Mediators of Inflammation

Mediators of Inflammation / 2021 / Article
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The Role of Inflammatory Mediators in Stroke Pathobiology

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Research Article | Open Access

Volume 2021 |Article ID 1849428 | https://doi.org/10.1155/2021/1849428

Lu Luo, Meixi Liu, Hongyu Xie, Yunhui Fan, Jingjun Zhang, Li Liu, Yun Li, Qiqi Zhang, Junfa Wu, Congyu Jiang, Yi Wu, "High-Intensity Interval Training Improves Physical Function, Prevents Muscle Loss, and Modulates Macrophage-Mediated Inflammation in Skeletal Muscle of Cerebral Ischemic Mice", Mediators of Inflammation, vol. 2021, Article ID 1849428, 28 pages, 2021. https://doi.org/10.1155/2021/1849428

High-Intensity Interval Training Improves Physical Function, Prevents Muscle Loss, and Modulates Macrophage-Mediated Inflammation in Skeletal Muscle of Cerebral Ischemic Mice

Academic Editor: Simona Lattanzi
Received26 Sep 2021
Accepted22 Oct 2021
Published20 Nov 2021

Abstract

Although skeletal muscle is the main effector organ largely accounting for disability after stroke, considerably less attention is paid to the secondary abnormalities of stroke-related skeletal muscle loss. It is necessary to explore the mechanism of muscle atrophy after stroke and further develop effective rehabilitation strategy. Here, we evaluated the effects of high-intensity interval (HIIT) versus moderate-intensity aerobic training (MOD) on physical function, muscle mass, and stroke-related gene expression profile of skeletal muscle. After the model of middle cerebral artery occlusion (MCAO) was successfully made, the blood lactate threshold corresponding speed () and maximum speed () were measured. Different intensity training protocols (; ) were carried out for 3 weeks beginning at 7 days after MCAO in the MOD and HIIT groups, respectively. We found that both HIIT and MOD prevented stroke-related gastrocnemius muscle mass loss in MCAO mice. HIIT was more beneficial than MOD for improvements in muscle strength, motor coordination, walking competency, and cardiorespiratory fitness. Furthermore, HIIT was superior to MOD in terms of reducing lipid accumulation, levels of IL-1β and IL-6 in paretic gastrocnemius, and improving peripheral blood CD4+/CD8+ T cell ratio, level of IL-10. Additionally, RNA-seq analysis revealed that the differentially expressed genes among HIIT, MOD, and MCAO groups were highly associated with signaling pathways involved in inflammatory response, more specifically the I-kappaB kinase/NF-kappaB signaling. Following the outcome, we further investigated the infiltrating immune cells abundant in paretic muscles. The results showed that HIIT modulated macrophage activation by downregulating CD86+ (M1 type) macrophages and upregulating CD163+ (M2 type) macrophages via inhibiting the TLR4/MyD88/NFκB signaling pathway and exerting an anti-inflammatory effect in paretic skeletal muscle. It is expected that these data will provide novel insights into the mechanisms and potential targets underlying muscle wasting in stroke.

1. Introduction

Stroke is one of the leading causes of disability worldwide and imposes a tremendous burden on victims, families, and healthcare systems [1]. About 50% of stroke patients have hemiplegia, and 30% of them were unable to walk without assistance [2]. Although the skeletal muscle is the main effector organ largely accounting for disability in stroke patients, most of the researches on motor dysfunction after stroke focus on the concept of neurovascular unit throughout the last two decades [3, 4]. Considerably less attention is paid to the secondary abnormalities of stroke-related skeletal muscle loss or sarcopenia.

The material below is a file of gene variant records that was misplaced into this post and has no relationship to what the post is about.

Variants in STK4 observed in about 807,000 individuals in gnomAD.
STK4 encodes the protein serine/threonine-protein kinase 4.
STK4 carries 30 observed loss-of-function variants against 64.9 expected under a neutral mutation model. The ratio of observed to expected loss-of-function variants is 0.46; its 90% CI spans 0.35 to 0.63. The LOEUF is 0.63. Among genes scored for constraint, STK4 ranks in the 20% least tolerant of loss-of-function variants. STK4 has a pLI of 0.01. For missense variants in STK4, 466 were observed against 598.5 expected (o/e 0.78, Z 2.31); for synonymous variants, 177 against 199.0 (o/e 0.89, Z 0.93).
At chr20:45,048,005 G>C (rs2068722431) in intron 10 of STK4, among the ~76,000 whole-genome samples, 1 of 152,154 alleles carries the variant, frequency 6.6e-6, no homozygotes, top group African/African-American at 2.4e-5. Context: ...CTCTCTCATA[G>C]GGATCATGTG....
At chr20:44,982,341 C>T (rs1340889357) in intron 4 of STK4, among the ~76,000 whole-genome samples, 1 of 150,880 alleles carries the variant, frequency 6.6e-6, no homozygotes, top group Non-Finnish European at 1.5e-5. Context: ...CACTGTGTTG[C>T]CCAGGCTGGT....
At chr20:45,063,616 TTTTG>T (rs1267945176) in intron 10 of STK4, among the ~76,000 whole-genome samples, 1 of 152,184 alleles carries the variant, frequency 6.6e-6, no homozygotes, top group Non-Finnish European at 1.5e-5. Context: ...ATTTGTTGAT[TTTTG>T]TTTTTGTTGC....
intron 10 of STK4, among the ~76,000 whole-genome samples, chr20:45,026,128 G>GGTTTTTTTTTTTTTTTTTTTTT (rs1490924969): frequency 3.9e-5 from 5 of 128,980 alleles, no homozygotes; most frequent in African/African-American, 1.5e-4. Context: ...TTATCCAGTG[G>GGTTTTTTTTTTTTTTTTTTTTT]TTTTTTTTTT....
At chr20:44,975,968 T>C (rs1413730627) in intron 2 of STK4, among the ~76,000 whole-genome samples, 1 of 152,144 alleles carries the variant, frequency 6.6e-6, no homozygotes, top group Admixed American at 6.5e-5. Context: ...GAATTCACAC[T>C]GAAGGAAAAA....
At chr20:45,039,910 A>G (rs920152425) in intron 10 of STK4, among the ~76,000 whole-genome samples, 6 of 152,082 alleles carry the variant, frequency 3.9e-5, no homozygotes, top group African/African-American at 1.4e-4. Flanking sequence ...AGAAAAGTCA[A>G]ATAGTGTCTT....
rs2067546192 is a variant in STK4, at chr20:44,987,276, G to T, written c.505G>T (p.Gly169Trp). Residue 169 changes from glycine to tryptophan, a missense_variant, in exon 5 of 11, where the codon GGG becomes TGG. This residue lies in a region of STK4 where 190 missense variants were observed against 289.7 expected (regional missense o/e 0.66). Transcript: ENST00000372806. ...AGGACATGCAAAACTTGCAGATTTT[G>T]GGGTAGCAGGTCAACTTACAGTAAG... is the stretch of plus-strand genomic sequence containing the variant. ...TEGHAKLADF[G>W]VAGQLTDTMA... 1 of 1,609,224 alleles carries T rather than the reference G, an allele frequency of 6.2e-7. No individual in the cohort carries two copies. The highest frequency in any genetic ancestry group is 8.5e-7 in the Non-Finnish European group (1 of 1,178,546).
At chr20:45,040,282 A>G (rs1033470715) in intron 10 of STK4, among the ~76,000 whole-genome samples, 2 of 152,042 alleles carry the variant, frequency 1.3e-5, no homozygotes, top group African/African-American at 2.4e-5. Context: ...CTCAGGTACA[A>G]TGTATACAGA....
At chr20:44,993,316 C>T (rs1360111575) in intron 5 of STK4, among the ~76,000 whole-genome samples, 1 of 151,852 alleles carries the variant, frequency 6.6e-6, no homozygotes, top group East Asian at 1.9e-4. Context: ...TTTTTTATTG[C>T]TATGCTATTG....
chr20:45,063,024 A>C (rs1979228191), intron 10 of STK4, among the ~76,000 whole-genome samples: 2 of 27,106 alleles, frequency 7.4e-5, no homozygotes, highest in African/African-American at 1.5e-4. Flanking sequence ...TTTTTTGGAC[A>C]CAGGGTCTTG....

Sarcopenia is defined as “progressive and comprehensive syndrome of skeletal muscle loss and strength decline” with increased risk of adverse consequences including higher mortality, quality of life decline, increased rate of falls, and fractures [5]. Sarcopenia is divided into primary sarcopenia caused by aging, and secondary sarcopenia which is activity-related, nutrition-related, or disease-related [6]. Stroke-related sarcopenia is independent of age, showing a rapid muscle mass loss, and significantly bilateral differences in physical and functional performance [7]. The prevalence of sarcopenia can reach 15% in healthy elderly and 56% in rehabilitated patients. The most widely recognized etiologic factors include denervation, insulin resistance, poor nutritional status, physical inactivity, and inflammation [8].

Despite that sarcopenia contributes to disability and negative outcome after stroke, current clinical practice guideline recommendations fail to adequately address the peripheral muscle adaptations poststroke [9]. Currently, treatment for patients with sarcopenia includes nutritional supplements and hormone-related treatments to improve nutritional status, and weight, which may cause fluid retention, hypogonadism, and orthostatic hypotension [10]. Emerging data suggest that exercise or resistance training is considered the most effective strategy currently available for increasing muscle mass and strength and improving physical function [11, 12]. However, essential training time and sufficient exercise intensity are lacking in most traditional stroke rehabilitation programs [13]. Studies have shown that 76% of time was spent in bed or sitting in the hospitalized stroke, and only 23% of their time are standing or walking [14]. In healthy elderly people, muscle protein synthesis will reduce 30% and muscle mass in lower limbs will reduce 6% after 10 days of bed rest, resulting in a 16% reduction in muscle strength [15]. Well-controlled clinical trials involving the health and patients with stroke have confirmed that high-intensity interval training (HIIT), a new strategy consisting of alternating periods of greater and lower intensity within an exercise session, is more significantly effective and safe than moderate-intensity training for improvements in aerobic capacity, insulin sensitivity, and mitochondrial function [16, 17]. However, the effect of HIIT on physical or muscle mass and composition remains controversial. There is no conclusive evidence to prescribe a specific exercise program in terms of type, intensity, frequency, and duration. Further mechanistic studies are required to develop more effective strategies for preventing or reversing muscle wasting and improving rehabilitation success in patients or animal models with stroke. Therefore, the objective of the present study was to evaluate the effects of high-intensity interval versus moderate-intensity aerobic training on physical function, skeletal muscles, and molecular changes at the genome level in cerebral ischemic mice.